Playlist 13 jun.— 15 aug. 2015


Galerie Antoine Ertaskiran is proud to present the second edition of Playlist, its summer group exhibition, showcasing five young Canadian and American artists: Michael Assiff, James Kerr, Sara Magenheimer, Roula Partheniou and Jon Rafman. Their works come together to create a unique visual, sensorial and interactive experience. The title, Playlist, brings out the diversity of aesthetics and mediums that will be found in this engaging show. The public is invited to discover the distinctive approach of these artists coming together as a whole for the first time.

Michael Assiff makes paintings, objects and installations that investigate cultural heritage, environmentalism and branding. Much of the work takes the form of the handmade, challenging the nature and authority of the manufactured objects they draw from. Imagery in the work is sourced from Internet newsfeeds as well as petroglyphs, creating a continuum of nature, culture, history and industry that the artist uses to stage contemporary commercial tableaux.

James Kerr, through animation and digital collage, wants to convey his vision of the world around him by repurposing elements from the art canon in such a manner as to give the works a new life outside of the canvas on which they originally appear. With his work, Kerr explores the often mundane and, at times, bizarre parts of modern life.

Sara Magenheimer works across a variety of media, including video, sculpture and photography. Magenheimer’s language-based practice treats objects, images and the human voice as raw material, personal signifiers and semantic stand-ins. Through rhythm and syncopation of visual deviation, she creates experimental strategies for reading the world.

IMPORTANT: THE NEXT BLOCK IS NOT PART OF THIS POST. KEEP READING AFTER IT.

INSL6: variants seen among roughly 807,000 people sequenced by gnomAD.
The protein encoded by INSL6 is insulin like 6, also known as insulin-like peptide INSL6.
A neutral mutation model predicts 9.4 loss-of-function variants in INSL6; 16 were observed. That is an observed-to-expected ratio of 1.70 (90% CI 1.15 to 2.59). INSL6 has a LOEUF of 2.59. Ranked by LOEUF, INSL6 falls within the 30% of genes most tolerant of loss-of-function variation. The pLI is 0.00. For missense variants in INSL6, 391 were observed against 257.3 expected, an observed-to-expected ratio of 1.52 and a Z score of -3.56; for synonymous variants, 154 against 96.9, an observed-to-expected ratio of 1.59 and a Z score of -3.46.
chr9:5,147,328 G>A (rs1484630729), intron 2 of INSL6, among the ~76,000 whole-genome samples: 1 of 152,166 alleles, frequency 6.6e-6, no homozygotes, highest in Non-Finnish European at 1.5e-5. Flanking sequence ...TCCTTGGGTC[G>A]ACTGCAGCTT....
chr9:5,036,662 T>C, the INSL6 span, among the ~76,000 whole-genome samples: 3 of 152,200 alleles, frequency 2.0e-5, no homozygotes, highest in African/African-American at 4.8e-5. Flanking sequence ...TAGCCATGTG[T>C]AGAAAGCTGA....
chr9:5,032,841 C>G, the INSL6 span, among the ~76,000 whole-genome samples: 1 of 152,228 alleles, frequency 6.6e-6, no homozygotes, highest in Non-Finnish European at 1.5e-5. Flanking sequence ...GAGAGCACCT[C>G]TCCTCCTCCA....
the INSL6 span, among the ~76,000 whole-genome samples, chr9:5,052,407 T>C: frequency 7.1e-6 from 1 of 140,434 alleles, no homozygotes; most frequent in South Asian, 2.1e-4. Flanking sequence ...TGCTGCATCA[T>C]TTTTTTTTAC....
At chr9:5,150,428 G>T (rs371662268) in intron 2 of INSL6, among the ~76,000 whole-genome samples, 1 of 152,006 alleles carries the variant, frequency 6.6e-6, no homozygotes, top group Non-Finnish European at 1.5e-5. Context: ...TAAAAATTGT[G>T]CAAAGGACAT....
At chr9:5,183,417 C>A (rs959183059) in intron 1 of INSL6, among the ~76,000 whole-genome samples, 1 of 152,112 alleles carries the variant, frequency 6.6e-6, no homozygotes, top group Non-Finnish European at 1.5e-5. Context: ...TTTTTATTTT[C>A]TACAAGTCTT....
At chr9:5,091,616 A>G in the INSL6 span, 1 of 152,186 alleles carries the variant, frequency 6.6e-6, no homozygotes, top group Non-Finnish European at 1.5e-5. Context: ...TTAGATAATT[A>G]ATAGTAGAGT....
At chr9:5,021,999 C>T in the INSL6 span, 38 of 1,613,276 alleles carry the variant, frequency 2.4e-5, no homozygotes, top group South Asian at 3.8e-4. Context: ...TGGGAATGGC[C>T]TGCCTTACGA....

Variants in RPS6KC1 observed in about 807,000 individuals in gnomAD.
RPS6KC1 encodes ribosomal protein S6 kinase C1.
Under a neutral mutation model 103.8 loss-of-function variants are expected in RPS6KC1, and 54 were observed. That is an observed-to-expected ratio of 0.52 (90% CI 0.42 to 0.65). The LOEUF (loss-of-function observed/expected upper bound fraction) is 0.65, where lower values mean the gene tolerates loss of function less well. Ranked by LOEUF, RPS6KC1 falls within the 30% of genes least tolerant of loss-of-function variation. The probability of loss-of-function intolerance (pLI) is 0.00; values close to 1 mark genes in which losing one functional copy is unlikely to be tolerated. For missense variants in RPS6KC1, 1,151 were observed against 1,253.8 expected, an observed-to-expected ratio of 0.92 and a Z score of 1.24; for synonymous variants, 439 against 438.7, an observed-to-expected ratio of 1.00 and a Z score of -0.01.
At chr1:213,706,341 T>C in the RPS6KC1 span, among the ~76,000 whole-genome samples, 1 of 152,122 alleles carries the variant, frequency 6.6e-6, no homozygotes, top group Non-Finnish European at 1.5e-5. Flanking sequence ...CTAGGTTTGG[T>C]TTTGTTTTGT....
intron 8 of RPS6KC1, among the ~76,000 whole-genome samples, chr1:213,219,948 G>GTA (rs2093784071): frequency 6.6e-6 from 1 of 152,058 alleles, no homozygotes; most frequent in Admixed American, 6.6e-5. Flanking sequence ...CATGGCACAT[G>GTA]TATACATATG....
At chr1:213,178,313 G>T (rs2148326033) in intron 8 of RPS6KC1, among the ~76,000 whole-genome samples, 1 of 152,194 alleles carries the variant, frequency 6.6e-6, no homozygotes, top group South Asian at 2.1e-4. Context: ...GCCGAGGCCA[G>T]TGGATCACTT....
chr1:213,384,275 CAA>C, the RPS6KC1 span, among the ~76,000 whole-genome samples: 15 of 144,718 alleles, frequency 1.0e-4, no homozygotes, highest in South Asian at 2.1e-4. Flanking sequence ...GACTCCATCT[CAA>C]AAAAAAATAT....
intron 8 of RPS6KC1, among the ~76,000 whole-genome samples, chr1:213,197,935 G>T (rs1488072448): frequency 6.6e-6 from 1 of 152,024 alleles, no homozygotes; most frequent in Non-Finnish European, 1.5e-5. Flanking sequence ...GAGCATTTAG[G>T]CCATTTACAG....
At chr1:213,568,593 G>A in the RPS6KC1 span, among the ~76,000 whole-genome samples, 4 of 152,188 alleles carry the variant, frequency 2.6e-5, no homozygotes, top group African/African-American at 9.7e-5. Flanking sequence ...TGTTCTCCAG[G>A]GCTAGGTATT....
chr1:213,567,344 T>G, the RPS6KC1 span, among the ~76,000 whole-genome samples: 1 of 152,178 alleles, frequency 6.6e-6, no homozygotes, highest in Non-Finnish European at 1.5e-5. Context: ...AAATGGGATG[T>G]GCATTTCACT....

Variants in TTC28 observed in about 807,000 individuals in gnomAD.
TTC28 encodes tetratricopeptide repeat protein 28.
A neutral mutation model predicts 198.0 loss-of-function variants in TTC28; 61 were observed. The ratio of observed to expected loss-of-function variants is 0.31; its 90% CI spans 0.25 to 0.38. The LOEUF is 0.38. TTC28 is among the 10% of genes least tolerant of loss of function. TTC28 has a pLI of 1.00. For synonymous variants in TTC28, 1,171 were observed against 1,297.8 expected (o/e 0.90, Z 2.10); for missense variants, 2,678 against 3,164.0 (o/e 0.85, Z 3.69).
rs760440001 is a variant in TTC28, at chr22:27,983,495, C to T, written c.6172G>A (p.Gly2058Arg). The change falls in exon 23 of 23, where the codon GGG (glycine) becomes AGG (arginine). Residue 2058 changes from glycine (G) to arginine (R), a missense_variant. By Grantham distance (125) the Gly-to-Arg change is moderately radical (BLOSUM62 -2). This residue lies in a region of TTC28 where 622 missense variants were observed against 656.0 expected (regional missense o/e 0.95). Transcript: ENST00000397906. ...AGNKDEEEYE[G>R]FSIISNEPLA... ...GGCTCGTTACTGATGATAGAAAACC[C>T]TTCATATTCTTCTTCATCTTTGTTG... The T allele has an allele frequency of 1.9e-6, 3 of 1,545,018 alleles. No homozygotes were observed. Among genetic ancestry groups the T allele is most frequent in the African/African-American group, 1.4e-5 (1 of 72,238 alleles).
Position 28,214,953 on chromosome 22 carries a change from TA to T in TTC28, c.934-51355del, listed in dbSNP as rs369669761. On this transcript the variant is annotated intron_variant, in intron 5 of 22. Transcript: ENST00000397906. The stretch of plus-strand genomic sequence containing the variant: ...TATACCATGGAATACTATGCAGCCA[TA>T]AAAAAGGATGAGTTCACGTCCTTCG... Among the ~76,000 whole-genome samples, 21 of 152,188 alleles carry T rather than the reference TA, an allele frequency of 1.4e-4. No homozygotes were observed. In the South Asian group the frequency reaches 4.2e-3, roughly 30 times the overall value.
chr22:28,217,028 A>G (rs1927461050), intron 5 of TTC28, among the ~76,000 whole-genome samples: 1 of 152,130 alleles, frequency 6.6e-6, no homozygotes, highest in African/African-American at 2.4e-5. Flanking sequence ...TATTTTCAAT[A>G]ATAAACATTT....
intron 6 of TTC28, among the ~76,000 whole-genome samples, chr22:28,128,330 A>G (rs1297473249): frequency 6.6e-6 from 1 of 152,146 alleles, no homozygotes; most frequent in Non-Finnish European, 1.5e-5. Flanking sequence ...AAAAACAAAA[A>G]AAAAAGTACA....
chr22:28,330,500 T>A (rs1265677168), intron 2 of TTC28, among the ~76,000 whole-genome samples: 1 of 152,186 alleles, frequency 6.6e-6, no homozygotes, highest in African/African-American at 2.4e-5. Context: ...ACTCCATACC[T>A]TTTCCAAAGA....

Roula Partheniou’s practice explores the replica and how the remaking of a familiar object can shift our perception and perspective. Her projects take the form of sculptural installations that make use of material puns, context, colour cues and various degrees of trompe l’oeil to deconstruct the familiar and trigger a reconsideration of common forms. Her work questions how we see and read objects and challenges the viewer to negotiate between the perceived and the actual.

Jon Rafman, explorer and archivist of Internet culture, investigates the changing nature of the self under contemporary conditions as he navigates the boundaries between the virtual and the real, the historical and the personal. His body of digital and physical works traverses the found and the made, the still and the moving, incorporating video, installation, sculpture, photography and painting. By exploring both the physical and the virtual, his works take up an unfamiliar and singular third space between the two realms.